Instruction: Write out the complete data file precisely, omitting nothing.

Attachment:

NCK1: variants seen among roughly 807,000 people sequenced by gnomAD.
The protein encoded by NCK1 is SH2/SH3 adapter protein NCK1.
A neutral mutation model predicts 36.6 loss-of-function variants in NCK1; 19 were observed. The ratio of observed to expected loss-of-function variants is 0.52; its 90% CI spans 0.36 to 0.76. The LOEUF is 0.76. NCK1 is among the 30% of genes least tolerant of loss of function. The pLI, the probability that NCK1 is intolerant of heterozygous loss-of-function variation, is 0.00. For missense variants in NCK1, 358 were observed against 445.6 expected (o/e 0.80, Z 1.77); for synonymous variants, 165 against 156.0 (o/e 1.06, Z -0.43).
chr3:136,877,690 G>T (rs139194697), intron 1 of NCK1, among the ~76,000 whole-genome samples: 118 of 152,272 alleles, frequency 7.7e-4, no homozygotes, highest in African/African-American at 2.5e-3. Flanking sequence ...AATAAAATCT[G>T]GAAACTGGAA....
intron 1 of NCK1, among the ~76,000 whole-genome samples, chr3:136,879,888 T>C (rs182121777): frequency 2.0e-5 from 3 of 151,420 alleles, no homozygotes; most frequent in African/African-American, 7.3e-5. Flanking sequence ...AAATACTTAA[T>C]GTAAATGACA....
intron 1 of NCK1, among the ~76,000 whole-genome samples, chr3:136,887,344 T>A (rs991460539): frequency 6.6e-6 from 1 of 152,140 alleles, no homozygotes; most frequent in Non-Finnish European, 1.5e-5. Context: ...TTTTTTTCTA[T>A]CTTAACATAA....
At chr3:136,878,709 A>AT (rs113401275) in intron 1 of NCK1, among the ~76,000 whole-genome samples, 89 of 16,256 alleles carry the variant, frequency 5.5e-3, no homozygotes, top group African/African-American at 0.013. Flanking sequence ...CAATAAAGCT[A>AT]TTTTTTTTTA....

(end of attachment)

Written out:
NCK1: variants seen among roughly 807,000 people sequenced by gnomAD.
The protein encoded by NCK1 is SH2/SH3 adapter protein NCK1.
A neutral mutation model predicts 36.6 loss-of-function variants in NCK1; 19 were observed. The ratio of observed to expected loss-of-function variants is 0.52; its 90% CI spans 0.36 to 0.76. The LOEUF is 0.76. NCK1 is among the 30% of genes least tolerant of loss of function. The pLI, the probability that NCK1 is intolerant of heterozygous loss-of-function variation, is 0.00. For missense variants in NCK1, 358 were observed against 445.6 expected (o/e 0.80, Z 1.77); for synonymous variants, 165 against 156.0 (o/e 1.06, Z -0.43).
chr3:136,877,690 G>T (rs139194697), intron 1 of NCK1, among the ~76,000 whole-genome samples: 118 of 152,272 alleles, frequency 7.7e-4, no homozygotes, highest in African/African-American at 2.5e-3. Flanking sequence ...AATAAAATCT[G>T]GAAACTGGAA....
intron 1 of NCK1, among the ~76,000 whole-genome samples, chr3:136,879,888 T>C (rs182121777): frequency 2.0e-5 from 3 of 151,420 alleles, no homozygotes; most frequent in African/African-American, 7.3e-5. Flanking sequence ...AAATACTTAA[T>C]GTAAATGACA....
intron 1 of NCK1, among the ~76,000 whole-genome samples, chr3:136,887,344 T>A (rs991460539): frequency 6.6e-6 from 1 of 152,140 alleles, no homozygotes; most frequent in Non-Finnish European, 1.5e-5. Context: ...TTTTTTTCTA[T>A]CTTAACATAA....
At chr3:136,878,709 A>AT (rs113401275) in intron 1 of NCK1, among the ~76,000 whole-genome samples, 89 of 16,256 alleles carry the variant, frequency 5.5e-3, no homozygotes, top group African/African-American at 0.013. Flanking sequence ...CAATAAAGCT[A>AT]TTTTTTTTTA....